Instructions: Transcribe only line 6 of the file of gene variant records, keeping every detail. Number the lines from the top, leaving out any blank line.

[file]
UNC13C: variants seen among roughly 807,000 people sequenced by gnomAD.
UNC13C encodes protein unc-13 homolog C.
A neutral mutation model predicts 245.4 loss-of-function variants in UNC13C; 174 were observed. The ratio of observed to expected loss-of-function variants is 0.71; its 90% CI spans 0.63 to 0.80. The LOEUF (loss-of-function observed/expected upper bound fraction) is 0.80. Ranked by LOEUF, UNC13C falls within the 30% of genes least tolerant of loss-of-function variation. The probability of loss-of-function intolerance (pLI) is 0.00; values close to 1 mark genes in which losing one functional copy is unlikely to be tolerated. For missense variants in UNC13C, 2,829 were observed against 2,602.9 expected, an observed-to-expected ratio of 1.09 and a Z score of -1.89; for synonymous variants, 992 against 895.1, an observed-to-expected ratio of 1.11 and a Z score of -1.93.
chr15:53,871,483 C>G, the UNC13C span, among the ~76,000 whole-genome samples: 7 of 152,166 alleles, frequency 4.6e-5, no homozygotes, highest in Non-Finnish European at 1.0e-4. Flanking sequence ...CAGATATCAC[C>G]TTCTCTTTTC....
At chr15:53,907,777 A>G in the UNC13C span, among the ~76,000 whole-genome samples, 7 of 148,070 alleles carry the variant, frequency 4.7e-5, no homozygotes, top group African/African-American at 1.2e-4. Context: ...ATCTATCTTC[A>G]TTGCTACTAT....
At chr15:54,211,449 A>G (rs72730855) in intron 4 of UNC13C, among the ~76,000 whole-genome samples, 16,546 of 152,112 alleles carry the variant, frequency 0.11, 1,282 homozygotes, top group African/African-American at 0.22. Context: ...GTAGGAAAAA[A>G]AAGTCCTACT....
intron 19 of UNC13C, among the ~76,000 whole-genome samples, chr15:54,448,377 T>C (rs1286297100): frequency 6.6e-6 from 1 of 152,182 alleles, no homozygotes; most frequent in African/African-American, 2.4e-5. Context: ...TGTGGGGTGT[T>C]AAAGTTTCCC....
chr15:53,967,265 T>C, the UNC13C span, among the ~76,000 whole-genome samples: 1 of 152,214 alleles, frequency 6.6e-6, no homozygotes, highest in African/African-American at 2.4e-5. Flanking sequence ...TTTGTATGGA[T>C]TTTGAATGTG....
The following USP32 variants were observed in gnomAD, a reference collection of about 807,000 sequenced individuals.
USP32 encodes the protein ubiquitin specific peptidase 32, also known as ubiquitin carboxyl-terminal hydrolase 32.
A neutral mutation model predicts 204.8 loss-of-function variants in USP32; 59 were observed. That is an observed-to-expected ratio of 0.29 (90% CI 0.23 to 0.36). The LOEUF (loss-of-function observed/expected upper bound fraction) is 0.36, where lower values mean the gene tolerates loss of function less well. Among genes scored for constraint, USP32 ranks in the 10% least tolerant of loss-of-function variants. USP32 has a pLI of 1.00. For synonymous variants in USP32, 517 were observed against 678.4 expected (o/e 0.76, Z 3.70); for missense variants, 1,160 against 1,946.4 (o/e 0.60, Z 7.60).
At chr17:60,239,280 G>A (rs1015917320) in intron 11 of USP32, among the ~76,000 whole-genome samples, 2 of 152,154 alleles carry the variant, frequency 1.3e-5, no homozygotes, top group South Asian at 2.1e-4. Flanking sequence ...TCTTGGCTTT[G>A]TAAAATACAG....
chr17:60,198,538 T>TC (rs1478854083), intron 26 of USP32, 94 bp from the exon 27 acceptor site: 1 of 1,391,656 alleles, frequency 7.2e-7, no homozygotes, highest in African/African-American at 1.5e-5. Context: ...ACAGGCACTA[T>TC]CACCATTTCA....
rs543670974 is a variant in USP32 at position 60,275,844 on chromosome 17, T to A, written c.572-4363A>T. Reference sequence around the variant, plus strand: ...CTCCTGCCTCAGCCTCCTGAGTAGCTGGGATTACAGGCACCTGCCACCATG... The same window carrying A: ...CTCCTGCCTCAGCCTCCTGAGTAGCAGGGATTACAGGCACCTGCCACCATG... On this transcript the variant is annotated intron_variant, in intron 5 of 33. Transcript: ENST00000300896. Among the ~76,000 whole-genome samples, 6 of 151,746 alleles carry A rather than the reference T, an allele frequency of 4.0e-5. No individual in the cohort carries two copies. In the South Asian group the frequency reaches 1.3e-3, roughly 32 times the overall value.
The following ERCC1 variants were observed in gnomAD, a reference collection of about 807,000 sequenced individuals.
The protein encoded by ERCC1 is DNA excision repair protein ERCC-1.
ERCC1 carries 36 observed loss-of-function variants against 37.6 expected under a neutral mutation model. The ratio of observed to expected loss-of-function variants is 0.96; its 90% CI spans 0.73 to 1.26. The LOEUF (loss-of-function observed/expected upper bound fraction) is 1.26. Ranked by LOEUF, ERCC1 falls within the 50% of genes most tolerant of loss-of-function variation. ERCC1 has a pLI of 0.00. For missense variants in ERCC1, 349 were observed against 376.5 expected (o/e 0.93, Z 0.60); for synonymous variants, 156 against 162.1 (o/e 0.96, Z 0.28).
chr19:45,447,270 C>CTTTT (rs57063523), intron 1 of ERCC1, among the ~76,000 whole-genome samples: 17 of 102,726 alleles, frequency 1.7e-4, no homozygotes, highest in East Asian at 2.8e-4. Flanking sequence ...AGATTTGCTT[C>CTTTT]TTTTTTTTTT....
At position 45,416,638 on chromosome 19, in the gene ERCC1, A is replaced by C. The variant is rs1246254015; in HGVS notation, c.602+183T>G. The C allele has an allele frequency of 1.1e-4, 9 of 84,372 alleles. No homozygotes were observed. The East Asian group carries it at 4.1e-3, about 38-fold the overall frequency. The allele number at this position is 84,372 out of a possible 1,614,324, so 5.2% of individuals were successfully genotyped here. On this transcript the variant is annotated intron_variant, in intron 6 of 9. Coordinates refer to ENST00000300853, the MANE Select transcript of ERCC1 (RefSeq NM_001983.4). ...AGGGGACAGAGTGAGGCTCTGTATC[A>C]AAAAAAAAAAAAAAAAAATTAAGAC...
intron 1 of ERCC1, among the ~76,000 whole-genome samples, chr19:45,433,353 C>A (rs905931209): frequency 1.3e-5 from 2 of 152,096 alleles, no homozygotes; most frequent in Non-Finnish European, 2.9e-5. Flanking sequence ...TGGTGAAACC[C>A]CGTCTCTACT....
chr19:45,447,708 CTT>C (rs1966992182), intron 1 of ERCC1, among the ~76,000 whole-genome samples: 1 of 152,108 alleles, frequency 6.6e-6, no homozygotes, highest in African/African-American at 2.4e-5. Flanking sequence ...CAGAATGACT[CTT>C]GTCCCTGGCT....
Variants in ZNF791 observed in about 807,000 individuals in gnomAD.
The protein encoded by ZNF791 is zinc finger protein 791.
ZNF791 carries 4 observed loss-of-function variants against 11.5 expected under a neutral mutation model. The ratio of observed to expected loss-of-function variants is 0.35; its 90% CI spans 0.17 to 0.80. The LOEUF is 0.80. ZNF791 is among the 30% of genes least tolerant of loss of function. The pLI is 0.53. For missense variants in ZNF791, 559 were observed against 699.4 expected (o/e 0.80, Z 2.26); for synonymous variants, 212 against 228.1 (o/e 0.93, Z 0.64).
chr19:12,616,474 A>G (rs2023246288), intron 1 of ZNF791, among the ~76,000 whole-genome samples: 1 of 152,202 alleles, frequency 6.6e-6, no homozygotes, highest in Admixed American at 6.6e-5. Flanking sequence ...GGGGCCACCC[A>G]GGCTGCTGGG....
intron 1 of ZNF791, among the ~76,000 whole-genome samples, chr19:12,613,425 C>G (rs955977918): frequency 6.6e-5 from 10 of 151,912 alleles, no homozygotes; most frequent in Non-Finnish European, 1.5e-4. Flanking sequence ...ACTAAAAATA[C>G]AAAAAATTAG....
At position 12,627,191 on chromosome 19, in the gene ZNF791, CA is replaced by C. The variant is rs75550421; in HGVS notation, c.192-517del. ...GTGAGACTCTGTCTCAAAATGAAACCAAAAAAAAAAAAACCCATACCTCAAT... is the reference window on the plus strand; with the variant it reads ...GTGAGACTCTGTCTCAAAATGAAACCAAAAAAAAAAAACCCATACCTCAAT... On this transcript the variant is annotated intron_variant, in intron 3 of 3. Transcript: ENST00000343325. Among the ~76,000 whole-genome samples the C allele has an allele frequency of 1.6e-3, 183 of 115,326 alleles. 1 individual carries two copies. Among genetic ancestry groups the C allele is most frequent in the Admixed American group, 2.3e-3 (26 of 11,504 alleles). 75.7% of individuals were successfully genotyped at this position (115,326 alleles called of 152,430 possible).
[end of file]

At chr15:54,211,449 A>G (rs72730855) in intron 4 of UNC13C, among the ~76,000 whole-genome samples, 16,546 of 152,112 alleles carry the variant, frequency 0.11, 1,282 homozygotes, top group African/African-American at 0.22. Context: ...GTAGGAAAAA[A>G]AAGTCCTACT....